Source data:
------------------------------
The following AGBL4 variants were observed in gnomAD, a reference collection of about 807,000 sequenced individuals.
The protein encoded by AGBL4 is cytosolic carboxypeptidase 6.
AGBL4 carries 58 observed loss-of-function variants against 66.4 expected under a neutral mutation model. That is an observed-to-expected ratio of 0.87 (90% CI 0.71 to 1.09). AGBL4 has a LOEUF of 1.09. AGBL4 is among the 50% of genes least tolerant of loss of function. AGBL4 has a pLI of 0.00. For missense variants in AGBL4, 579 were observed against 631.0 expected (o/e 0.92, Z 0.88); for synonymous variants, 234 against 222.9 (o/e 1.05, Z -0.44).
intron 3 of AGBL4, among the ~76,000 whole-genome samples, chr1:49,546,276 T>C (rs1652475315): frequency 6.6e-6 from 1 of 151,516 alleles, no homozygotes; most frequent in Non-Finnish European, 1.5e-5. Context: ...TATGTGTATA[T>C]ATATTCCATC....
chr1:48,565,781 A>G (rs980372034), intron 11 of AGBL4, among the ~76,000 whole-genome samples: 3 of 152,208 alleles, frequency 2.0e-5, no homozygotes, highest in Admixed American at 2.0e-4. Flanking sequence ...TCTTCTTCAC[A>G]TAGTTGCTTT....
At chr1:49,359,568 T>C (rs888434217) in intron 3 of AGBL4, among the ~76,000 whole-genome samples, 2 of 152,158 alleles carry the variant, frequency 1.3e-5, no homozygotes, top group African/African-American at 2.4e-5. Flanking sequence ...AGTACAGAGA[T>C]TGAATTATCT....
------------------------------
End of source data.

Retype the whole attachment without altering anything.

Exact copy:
The following AGBL4 variants were observed in gnomAD, a reference collection of about 807,000 sequenced individuals.
The protein encoded by AGBL4 is cytosolic carboxypeptidase 6.
AGBL4 carries 58 observed loss-of-function variants against 66.4 expected under a neutral mutation model. That is an observed-to-expected ratio of 0.87 (90% CI 0.71 to 1.09). AGBL4 has a LOEUF of 1.09. AGBL4 is among the 50% of genes least tolerant of loss of function. AGBL4 has a pLI of 0.00. For missense variants in AGBL4, 579 were observed against 631.0 expected (o/e 0.92, Z 0.88); for synonymous variants, 234 against 222.9 (o/e 1.05, Z -0.44).
intron 3 of AGBL4, among the ~76,000 whole-genome samples, chr1:49,546,276 T>C (rs1652475315): frequency 6.6e-6 from 1 of 151,516 alleles, no homozygotes; most frequent in Non-Finnish European, 1.5e-5. Context: ...TATGTGTATA[T>C]ATATTCCATC....
chr1:48,565,781 A>G (rs980372034), intron 11 of AGBL4, among the ~76,000 whole-genome samples: 3 of 152,208 alleles, frequency 2.0e-5, no homozygotes, highest in Admixed American at 2.0e-4. Flanking sequence ...TCTTCTTCAC[A>G]TAGTTGCTTT....
At chr1:49,359,568 T>C (rs888434217) in intron 3 of AGBL4, among the ~76,000 whole-genome samples, 2 of 152,158 alleles carry the variant, frequency 1.3e-5, no homozygotes, top group African/African-American at 2.4e-5. Flanking sequence ...AGTACAGAGA[T>C]TGAATTATCT....